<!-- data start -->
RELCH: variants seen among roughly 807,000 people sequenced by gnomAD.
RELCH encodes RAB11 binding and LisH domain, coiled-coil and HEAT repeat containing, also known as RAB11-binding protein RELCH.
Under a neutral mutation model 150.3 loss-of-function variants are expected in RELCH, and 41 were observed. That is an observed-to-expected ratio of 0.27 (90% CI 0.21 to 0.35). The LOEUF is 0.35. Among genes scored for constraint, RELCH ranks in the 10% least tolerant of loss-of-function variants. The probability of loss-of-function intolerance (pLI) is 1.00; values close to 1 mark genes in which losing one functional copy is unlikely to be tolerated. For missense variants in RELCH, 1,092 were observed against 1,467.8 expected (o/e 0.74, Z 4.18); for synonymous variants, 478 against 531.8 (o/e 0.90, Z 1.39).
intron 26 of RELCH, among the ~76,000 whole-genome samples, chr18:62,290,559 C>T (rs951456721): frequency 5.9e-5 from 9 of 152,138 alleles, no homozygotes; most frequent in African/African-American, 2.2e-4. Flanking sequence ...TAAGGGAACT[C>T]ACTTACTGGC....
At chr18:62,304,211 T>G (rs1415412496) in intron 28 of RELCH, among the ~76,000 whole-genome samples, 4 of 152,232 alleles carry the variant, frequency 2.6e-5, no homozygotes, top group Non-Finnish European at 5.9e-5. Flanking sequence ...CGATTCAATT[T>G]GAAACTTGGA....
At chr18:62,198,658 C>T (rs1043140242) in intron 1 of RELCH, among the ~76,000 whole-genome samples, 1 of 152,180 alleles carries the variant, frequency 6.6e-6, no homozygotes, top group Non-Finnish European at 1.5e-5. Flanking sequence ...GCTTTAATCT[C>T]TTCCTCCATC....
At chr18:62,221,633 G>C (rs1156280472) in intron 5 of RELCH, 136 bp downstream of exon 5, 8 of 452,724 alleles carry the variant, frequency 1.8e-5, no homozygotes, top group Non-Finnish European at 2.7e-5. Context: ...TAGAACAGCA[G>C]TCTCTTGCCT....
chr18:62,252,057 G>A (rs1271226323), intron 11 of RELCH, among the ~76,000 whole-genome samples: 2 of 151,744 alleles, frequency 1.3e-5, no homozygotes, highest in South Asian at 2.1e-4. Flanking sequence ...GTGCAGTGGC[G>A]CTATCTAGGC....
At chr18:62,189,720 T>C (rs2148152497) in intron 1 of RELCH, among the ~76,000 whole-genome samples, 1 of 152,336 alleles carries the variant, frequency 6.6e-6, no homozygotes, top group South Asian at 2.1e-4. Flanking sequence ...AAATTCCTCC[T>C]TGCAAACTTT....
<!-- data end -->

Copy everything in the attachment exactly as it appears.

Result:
RELCH: variants seen among roughly 807,000 people sequenced by gnomAD.
RELCH encodes RAB11 binding and LisH domain, coiled-coil and HEAT repeat containing, also known as RAB11-binding protein RELCH.
Under a neutral mutation model 150.3 loss-of-function variants are expected in RELCH, and 41 were observed. That is an observed-to-expected ratio of 0.27 (90% CI 0.21 to 0.35). The LOEUF is 0.35. Among genes scored for constraint, RELCH ranks in the 10% least tolerant of loss-of-function variants. The probability of loss-of-function intolerance (pLI) is 1.00; values close to 1 mark genes in which losing one functional copy is unlikely to be tolerated. For missense variants in RELCH, 1,092 were observed against 1,467.8 expected (o/e 0.74, Z 4.18); for synonymous variants, 478 against 531.8 (o/e 0.90, Z 1.39).
intron 26 of RELCH, among the ~76,000 whole-genome samples, chr18:62,290,559 C>T (rs951456721): frequency 5.9e-5 from 9 of 152,138 alleles, no homozygotes; most frequent in African/African-American, 2.2e-4. Flanking sequence ...TAAGGGAACT[C>T]ACTTACTGGC....
At chr18:62,304,211 T>G (rs1415412496) in intron 28 of RELCH, among the ~76,000 whole-genome samples, 4 of 152,232 alleles carry the variant, frequency 2.6e-5, no homozygotes, top group Non-Finnish European at 5.9e-5. Flanking sequence ...CGATTCAATT[T>G]GAAACTTGGA....
At chr18:62,198,658 C>T (rs1043140242) in intron 1 of RELCH, among the ~76,000 whole-genome samples, 1 of 152,180 alleles carries the variant, frequency 6.6e-6, no homozygotes, top group Non-Finnish European at 1.5e-5. Flanking sequence ...GCTTTAATCT[C>T]TTCCTCCATC....
At chr18:62,221,633 G>C (rs1156280472) in intron 5 of RELCH, 136 bp downstream of exon 5, 8 of 452,724 alleles carry the variant, frequency 1.8e-5, no homozygotes, top group Non-Finnish European at 2.7e-5. Context: ...TAGAACAGCA[G>C]TCTCTTGCCT....
chr18:62,252,057 G>A (rs1271226323), intron 11 of RELCH, among the ~76,000 whole-genome samples: 2 of 151,744 alleles, frequency 1.3e-5, no homozygotes, highest in South Asian at 2.1e-4. Flanking sequence ...GTGCAGTGGC[G>A]CTATCTAGGC....
At chr18:62,189,720 T>C (rs2148152497) in intron 1 of RELCH, among the ~76,000 whole-genome samples, 1 of 152,336 alleles carries the variant, frequency 6.6e-6, no homozygotes, top group South Asian at 2.1e-4. Flanking sequence ...AAATTCCTCC[T>C]TGCAAACTTT....